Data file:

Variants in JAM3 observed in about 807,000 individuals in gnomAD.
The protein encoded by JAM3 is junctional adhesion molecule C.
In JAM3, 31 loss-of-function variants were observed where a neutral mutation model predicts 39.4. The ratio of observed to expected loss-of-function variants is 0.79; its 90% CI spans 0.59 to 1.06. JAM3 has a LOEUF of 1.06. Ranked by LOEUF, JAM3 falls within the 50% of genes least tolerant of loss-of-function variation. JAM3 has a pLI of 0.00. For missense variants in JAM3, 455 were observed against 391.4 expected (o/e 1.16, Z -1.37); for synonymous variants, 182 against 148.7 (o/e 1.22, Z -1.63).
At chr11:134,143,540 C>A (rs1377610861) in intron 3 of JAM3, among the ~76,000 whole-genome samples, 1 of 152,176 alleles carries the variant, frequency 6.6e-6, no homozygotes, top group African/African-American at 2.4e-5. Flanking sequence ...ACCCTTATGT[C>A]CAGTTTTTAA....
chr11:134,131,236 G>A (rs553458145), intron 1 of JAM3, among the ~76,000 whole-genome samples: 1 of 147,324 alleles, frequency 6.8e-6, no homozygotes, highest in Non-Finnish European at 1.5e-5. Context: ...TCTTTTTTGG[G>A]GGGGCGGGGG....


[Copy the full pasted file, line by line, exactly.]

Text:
Variants in JAM3 observed in about 807,000 individuals in gnomAD.
The protein encoded by JAM3 is junctional adhesion molecule C.
In JAM3, 31 loss-of-function variants were observed where a neutral mutation model predicts 39.4. The ratio of observed to expected loss-of-function variants is 0.79; its 90% CI spans 0.59 to 1.06. JAM3 has a LOEUF of 1.06. Ranked by LOEUF, JAM3 falls within the 50% of genes least tolerant of loss-of-function variation. JAM3 has a pLI of 0.00. For missense variants in JAM3, 455 were observed against 391.4 expected (o/e 1.16, Z -1.37); for synonymous variants, 182 against 148.7 (o/e 1.22, Z -1.63).
At chr11:134,143,540 C>A (rs1377610861) in intron 3 of JAM3, among the ~76,000 whole-genome samples, 1 of 152,176 alleles carries the variant, frequency 6.6e-6, no homozygotes, top group African/African-American at 2.4e-5. Flanking sequence ...ACCCTTATGT[C>A]CAGTTTTTAA....
chr11:134,131,236 G>A (rs553458145), intron 1 of JAM3, among the ~76,000 whole-genome samples: 1 of 147,324 alleles, frequency 6.8e-6, no homozygotes, highest in Non-Finnish European at 1.5e-5. Context: ...TCTTTTTTGG[G>A]GGGGCGGGGG....